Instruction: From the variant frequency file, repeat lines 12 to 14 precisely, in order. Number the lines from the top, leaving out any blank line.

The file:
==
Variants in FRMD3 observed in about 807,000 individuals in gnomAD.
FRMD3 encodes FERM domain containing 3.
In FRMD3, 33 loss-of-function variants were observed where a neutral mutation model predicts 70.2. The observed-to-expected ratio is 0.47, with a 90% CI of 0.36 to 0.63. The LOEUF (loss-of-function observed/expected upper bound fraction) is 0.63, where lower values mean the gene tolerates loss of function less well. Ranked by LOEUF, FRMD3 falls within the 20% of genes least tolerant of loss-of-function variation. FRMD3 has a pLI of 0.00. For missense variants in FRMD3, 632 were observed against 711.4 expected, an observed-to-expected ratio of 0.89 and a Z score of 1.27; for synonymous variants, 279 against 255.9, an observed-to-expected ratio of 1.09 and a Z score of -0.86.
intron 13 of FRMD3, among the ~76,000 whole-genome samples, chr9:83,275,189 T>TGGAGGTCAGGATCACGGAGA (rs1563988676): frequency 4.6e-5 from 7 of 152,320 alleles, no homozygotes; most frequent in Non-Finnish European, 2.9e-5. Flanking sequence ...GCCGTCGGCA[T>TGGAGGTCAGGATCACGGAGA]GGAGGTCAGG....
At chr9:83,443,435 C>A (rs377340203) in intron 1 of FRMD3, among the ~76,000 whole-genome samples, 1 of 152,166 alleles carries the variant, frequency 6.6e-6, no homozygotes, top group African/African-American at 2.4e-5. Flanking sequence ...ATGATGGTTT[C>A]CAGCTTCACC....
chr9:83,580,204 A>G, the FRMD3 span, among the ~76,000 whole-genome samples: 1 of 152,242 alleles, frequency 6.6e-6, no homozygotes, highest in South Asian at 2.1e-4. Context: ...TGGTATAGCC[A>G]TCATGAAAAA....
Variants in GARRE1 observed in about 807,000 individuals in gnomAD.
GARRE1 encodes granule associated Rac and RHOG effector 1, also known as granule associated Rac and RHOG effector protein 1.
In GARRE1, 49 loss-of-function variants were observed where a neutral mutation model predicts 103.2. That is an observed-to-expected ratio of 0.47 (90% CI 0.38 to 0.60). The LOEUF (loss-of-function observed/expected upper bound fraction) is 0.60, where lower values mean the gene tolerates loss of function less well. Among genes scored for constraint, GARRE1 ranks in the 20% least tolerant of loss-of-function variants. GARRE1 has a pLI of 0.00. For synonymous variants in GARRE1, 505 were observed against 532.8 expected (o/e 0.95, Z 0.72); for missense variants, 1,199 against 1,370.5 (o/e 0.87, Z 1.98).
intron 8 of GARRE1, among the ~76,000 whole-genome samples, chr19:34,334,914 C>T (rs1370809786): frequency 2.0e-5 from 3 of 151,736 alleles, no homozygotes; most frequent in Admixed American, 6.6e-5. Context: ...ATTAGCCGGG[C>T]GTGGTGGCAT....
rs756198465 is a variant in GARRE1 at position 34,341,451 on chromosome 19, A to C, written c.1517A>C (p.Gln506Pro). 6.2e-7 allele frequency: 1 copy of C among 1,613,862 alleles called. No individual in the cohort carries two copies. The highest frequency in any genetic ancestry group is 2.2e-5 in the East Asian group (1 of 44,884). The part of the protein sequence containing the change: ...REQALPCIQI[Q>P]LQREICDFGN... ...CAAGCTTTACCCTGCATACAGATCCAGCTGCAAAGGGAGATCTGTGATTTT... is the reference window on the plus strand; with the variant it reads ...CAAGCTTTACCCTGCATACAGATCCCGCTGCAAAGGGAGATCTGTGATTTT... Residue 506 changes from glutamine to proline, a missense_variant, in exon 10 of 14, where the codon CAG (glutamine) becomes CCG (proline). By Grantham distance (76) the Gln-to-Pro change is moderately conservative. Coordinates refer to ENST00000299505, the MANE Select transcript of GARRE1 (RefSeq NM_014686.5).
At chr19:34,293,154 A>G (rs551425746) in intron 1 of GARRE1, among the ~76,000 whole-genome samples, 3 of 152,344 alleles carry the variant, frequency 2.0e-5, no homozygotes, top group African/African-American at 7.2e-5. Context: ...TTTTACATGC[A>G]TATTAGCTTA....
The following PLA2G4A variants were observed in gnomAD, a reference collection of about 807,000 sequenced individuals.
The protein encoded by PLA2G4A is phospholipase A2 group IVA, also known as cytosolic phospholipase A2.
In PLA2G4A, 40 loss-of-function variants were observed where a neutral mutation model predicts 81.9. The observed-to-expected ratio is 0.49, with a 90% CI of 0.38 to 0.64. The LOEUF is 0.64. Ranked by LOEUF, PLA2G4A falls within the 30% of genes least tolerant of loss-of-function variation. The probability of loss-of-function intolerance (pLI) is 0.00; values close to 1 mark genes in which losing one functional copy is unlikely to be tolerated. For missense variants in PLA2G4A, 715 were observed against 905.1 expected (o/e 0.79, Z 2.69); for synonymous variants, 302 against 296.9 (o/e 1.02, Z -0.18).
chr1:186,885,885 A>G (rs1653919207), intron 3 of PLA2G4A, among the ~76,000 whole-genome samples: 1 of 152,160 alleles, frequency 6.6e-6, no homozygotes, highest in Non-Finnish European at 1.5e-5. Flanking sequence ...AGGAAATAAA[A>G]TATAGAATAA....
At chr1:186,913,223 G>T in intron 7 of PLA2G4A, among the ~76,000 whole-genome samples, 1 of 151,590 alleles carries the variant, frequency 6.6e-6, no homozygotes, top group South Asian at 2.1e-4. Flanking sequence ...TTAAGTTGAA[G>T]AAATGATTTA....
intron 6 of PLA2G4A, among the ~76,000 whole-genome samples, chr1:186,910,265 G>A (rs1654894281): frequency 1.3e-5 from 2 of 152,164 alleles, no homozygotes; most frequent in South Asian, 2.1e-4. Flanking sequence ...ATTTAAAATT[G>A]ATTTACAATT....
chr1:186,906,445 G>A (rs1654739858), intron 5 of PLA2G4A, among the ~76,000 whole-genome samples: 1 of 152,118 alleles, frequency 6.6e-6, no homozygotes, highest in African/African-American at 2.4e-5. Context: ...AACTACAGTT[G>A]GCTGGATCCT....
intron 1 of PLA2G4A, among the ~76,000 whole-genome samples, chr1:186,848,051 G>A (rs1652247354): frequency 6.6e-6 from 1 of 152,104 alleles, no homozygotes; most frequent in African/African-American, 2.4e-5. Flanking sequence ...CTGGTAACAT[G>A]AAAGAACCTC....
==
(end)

At chr19:34,293,154 A>G (rs551425746) in intron 1 of GARRE1, among the ~76,000 whole-genome samples, 3 of 152,344 alleles carry the variant, frequency 2.0e-5, no homozygotes, top group African/African-American at 7.2e-5. Context: ...TTTTACATGC[A>G]TATTAGCTTA....
The following PLA2G4A variants were observed in gnomAD, a reference collection of about 807,000 sequenced individuals.
The protein encoded by PLA2G4A is phospholipase A2 group IVA, also known as cytosolic phospholipase A2.